Vietnam redeploys tracing system in 'full force' to halt new virus contagion

  • World
  • Thursday, 30 Jul 2020

FILE PHOTO: A health worker of Hanoi CDC gets test samples from an employee of a pizza restaurant where another employee tested positive with the coronavirus disease (COVID-19) after travel from Da Nang city, in Hanoi, Vietnam July 29, 2020. REUTERS/Kham

HANOI (Reuters) - Vietnam began mass coronavirus testing in the capital Hanoi, banned gatherings in its economic hub and urged tens of thousands of domestic travellers to report to authorities on Thursday, as the country scrambled to contain its first outbreak in 100 days.

Text messages were sent to all cellphones used by the country's 95 million people urging anyone who visited the popular coastal city of Danang in July to come forward, after a new wave of the virus spread to six cities and provinces in as many days, with 47 positive cases.

Hanoi's ruling body started the testing of some 21,063 residents who recently returned from Danang, a central holiday getaway that has been a big draw for domestic travellers since restrictions were eased.

The southern commercial centre Ho Chi Minh City followed Hanoi on Thursday in shutting entertainment venues and banning gatherings after two people tested positive among 18,000 residents who were recently in Danang.

The latest response is in line with a centralised quarantine programme and aggressive testing and contact-tracing system that saw Vietnam lauded for keeping its coronavirus tally to just 464 cases since late January, with no fatalities.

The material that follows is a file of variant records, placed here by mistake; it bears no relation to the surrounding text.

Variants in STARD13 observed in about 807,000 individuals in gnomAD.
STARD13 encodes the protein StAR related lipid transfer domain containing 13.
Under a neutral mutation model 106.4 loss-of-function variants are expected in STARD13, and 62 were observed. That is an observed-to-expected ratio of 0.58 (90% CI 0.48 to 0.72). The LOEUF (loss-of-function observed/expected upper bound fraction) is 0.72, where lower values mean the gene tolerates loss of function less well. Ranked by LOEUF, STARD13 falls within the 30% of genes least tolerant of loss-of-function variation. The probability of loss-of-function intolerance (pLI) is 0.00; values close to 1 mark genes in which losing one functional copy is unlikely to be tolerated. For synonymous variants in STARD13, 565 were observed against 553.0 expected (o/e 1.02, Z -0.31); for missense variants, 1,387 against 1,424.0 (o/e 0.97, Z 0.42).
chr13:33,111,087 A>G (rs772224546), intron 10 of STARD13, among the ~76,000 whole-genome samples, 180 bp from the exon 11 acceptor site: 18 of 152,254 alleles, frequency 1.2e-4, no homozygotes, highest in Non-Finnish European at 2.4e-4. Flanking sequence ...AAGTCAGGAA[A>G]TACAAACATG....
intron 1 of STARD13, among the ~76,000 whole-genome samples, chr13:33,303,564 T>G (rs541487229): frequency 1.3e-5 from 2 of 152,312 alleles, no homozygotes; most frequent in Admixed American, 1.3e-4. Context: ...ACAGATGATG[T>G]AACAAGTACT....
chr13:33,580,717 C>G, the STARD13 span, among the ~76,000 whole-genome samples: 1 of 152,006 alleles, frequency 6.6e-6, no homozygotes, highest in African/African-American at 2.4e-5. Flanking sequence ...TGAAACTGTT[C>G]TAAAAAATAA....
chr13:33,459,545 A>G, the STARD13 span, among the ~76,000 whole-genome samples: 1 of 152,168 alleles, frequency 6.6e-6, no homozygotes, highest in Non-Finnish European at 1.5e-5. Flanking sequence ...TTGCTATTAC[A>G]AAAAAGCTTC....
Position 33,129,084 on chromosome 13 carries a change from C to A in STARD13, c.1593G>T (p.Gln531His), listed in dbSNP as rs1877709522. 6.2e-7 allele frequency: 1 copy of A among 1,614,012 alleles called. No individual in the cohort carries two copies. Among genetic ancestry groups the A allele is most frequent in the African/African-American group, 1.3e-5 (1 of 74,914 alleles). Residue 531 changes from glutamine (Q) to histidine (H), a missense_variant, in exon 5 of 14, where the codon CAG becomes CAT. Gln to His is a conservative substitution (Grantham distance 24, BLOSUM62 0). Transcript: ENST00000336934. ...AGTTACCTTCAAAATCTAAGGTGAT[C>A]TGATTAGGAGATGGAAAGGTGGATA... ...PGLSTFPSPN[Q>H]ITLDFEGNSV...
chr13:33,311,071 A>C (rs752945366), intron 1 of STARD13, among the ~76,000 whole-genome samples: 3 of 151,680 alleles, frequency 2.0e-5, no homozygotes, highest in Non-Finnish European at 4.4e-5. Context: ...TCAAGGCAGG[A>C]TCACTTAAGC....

By comparison, neighbouring Philippines on Thursday reported nearly 4,000 new cases in a single day.

Fourteen new Vietnamese cases were confirmed on Thursday, all but one in Danang or nearby Quang Nam province, home to the old city of Hoi An, another popular tourist site.

A strict lockdown has been imposed in Danang and passenger flights halted for 15 days.


Hanoi moved fast to try to prevent a contagion, setting a deadline of Saturday to test anyone who visited Danang recently.

"We have to use full force to test all 21,063 returnees," city chairman Nguyen Duc Chung said.

"All must be done in three days."

Danang has been inundated with visitors taking advantage of promotions to revitalise a tourism sector hurt by border closures and international flight bans designed to keep the virus out.

The current wave is traced to Danang, but the source is unclear.

One case, an American, showed symptoms as far back as mid-June, suggesting the virus may have quietly spread in Danang for several weeks.

Some experts say Vietnam could be paying for complacency after stopping the spread, with normal service quickly resuming, facemasks used less and domestic travel activity surging.

Local scientists believe the coronavirus strain in Danang is more infectious than the strain found earlier in the country.

(Reporting by Phuong Nguyen and Khanh Vu; Writing by Martin Petty; Editing by Ed Davies and Hugh Lawson)

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